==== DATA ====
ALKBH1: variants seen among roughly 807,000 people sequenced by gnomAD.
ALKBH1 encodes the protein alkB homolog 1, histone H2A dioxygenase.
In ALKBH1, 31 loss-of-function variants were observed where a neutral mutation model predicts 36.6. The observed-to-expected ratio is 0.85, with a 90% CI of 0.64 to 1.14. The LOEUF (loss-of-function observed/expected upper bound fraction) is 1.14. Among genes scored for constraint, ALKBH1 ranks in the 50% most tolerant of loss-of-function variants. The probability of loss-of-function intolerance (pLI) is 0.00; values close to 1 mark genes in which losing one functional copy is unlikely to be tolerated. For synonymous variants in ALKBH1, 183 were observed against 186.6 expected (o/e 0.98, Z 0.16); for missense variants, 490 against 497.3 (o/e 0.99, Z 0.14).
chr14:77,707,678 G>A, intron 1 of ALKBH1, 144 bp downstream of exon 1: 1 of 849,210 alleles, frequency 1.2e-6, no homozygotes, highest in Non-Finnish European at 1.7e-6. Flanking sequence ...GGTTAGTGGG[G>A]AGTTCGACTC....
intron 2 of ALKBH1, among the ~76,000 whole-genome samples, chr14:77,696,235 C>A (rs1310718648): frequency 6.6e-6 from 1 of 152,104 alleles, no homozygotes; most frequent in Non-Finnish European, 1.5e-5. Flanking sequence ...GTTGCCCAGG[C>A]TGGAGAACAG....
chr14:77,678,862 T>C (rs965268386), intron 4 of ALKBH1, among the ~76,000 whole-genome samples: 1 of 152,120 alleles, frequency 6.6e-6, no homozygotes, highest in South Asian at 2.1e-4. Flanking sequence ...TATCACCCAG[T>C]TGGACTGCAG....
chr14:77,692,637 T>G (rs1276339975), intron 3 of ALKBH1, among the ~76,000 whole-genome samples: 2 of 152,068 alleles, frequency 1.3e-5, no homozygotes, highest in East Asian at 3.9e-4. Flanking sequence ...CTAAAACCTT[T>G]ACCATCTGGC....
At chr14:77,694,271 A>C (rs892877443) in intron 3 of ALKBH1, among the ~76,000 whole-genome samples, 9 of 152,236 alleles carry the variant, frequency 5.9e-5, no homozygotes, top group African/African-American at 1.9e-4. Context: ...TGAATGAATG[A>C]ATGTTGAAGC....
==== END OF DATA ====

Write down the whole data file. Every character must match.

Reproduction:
ALKBH1: variants seen among roughly 807,000 people sequenced by gnomAD.
ALKBH1 encodes the protein alkB homolog 1, histone H2A dioxygenase.
In ALKBH1, 31 loss-of-function variants were observed where a neutral mutation model predicts 36.6. The observed-to-expected ratio is 0.85, with a 90% CI of 0.64 to 1.14. The LOEUF (loss-of-function observed/expected upper bound fraction) is 1.14. Among genes scored for constraint, ALKBH1 ranks in the 50% most tolerant of loss-of-function variants. The probability of loss-of-function intolerance (pLI) is 0.00; values close to 1 mark genes in which losing one functional copy is unlikely to be tolerated. For synonymous variants in ALKBH1, 183 were observed against 186.6 expected (o/e 0.98, Z 0.16); for missense variants, 490 against 497.3 (o/e 0.99, Z 0.14).
chr14:77,707,678 G>A, intron 1 of ALKBH1, 144 bp downstream of exon 1: 1 of 849,210 alleles, frequency 1.2e-6, no homozygotes, highest in Non-Finnish European at 1.7e-6. Flanking sequence ...GGTTAGTGGG[G>A]AGTTCGACTC....
intron 2 of ALKBH1, among the ~76,000 whole-genome samples, chr14:77,696,235 C>A (rs1310718648): frequency 6.6e-6 from 1 of 152,104 alleles, no homozygotes; most frequent in Non-Finnish European, 1.5e-5. Flanking sequence ...GTTGCCCAGG[C>A]TGGAGAACAG....
chr14:77,678,862 T>C (rs965268386), intron 4 of ALKBH1, among the ~76,000 whole-genome samples: 1 of 152,120 alleles, frequency 6.6e-6, no homozygotes, highest in South Asian at 2.1e-4. Flanking sequence ...TATCACCCAG[T>C]TGGACTGCAG....
chr14:77,692,637 T>G (rs1276339975), intron 3 of ALKBH1, among the ~76,000 whole-genome samples: 2 of 152,068 alleles, frequency 1.3e-5, no homozygotes, highest in East Asian at 3.9e-4. Flanking sequence ...CTAAAACCTT[T>G]ACCATCTGGC....
At chr14:77,694,271 A>C (rs892877443) in intron 3 of ALKBH1, among the ~76,000 whole-genome samples, 9 of 152,236 alleles carry the variant, frequency 5.9e-5, no homozygotes, top group African/African-American at 1.9e-4. Context: ...TGAATGAATG[A>C]ATGTTGAAGC....